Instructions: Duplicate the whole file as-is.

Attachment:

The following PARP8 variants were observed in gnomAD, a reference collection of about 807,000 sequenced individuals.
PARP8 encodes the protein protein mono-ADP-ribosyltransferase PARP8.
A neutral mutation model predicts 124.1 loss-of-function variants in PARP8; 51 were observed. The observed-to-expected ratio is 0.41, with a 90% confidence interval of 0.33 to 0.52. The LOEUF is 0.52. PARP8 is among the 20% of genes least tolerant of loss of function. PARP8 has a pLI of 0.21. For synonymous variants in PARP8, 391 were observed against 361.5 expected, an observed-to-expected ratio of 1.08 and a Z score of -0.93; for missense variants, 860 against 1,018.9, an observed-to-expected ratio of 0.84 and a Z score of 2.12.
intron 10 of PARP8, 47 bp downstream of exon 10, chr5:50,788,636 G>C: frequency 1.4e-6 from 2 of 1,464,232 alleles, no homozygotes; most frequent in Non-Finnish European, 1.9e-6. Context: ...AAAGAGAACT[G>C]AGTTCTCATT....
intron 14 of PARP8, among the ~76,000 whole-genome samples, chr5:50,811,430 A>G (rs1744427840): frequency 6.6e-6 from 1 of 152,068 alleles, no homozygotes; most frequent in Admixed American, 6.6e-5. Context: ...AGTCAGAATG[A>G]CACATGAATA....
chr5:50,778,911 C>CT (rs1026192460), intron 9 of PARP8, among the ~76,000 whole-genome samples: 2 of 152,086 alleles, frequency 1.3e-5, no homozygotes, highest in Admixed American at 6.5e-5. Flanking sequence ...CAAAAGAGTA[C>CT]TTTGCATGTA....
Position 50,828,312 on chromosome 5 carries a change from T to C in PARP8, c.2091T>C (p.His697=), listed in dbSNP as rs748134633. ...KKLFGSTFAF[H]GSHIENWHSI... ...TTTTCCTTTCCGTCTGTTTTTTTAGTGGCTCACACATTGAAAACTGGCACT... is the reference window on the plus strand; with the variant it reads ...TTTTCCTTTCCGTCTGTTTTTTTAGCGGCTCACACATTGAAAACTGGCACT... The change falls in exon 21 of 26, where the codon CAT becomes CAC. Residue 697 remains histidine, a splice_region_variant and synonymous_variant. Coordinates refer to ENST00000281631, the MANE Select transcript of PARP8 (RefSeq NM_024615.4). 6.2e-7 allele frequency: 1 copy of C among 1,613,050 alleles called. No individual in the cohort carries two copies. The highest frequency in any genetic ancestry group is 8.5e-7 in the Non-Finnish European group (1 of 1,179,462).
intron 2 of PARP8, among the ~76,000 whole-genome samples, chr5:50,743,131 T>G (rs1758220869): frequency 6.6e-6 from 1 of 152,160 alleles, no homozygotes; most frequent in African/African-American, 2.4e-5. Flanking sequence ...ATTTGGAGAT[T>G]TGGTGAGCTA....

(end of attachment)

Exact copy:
The following PARP8 variants were observed in gnomAD, a reference collection of about 807,000 sequenced individuals.
PARP8 encodes the protein protein mono-ADP-ribosyltransferase PARP8.
A neutral mutation model predicts 124.1 loss-of-function variants in PARP8; 51 were observed. The observed-to-expected ratio is 0.41, with a 90% confidence interval of 0.33 to 0.52. The LOEUF is 0.52. PARP8 is among the 20% of genes least tolerant of loss of function. PARP8 has a pLI of 0.21. For synonymous variants in PARP8, 391 were observed against 361.5 expected, an observed-to-expected ratio of 1.08 and a Z score of -0.93; for missense variants, 860 against 1,018.9, an observed-to-expected ratio of 0.84 and a Z score of 2.12.
intron 10 of PARP8, 47 bp downstream of exon 10, chr5:50,788,636 G>C: frequency 1.4e-6 from 2 of 1,464,232 alleles, no homozygotes; most frequent in Non-Finnish European, 1.9e-6. Context: ...AAAGAGAACT[G>C]AGTTCTCATT....
intron 14 of PARP8, among the ~76,000 whole-genome samples, chr5:50,811,430 A>G (rs1744427840): frequency 6.6e-6 from 1 of 152,068 alleles, no homozygotes; most frequent in Admixed American, 6.6e-5. Context: ...AGTCAGAATG[A>G]CACATGAATA....
chr5:50,778,911 C>CT (rs1026192460), intron 9 of PARP8, among the ~76,000 whole-genome samples: 2 of 152,086 alleles, frequency 1.3e-5, no homozygotes, highest in Admixed American at 6.5e-5. Flanking sequence ...CAAAAGAGTA[C>CT]TTTGCATGTA....
Position 50,828,312 on chromosome 5 carries a change from T to C in PARP8, c.2091T>C (p.His697=), listed in dbSNP as rs748134633. ...KKLFGSTFAF[H]GSHIENWHSI... ...TTTTCCTTTCCGTCTGTTTTTTTAGTGGCTCACACATTGAAAACTGGCACT... is the reference window on the plus strand; with the variant it reads ...TTTTCCTTTCCGTCTGTTTTTTTAGCGGCTCACACATTGAAAACTGGCACT... The change falls in exon 21 of 26, where the codon CAT becomes CAC. Residue 697 remains histidine, a splice_region_variant and synonymous_variant. Coordinates refer to ENST00000281631, the MANE Select transcript of PARP8 (RefSeq NM_024615.4). 6.2e-7 allele frequency: 1 copy of C among 1,613,050 alleles called. No individual in the cohort carries two copies. The highest frequency in any genetic ancestry group is 8.5e-7 in the Non-Finnish European group (1 of 1,179,462).
intron 2 of PARP8, among the ~76,000 whole-genome samples, chr5:50,743,131 T>G (rs1758220869): frequency 6.6e-6 from 1 of 152,160 alleles, no homozygotes; most frequent in African/African-American, 2.4e-5. Flanking sequence ...ATTTGGAGAT[T>G]TGGTGAGCTA....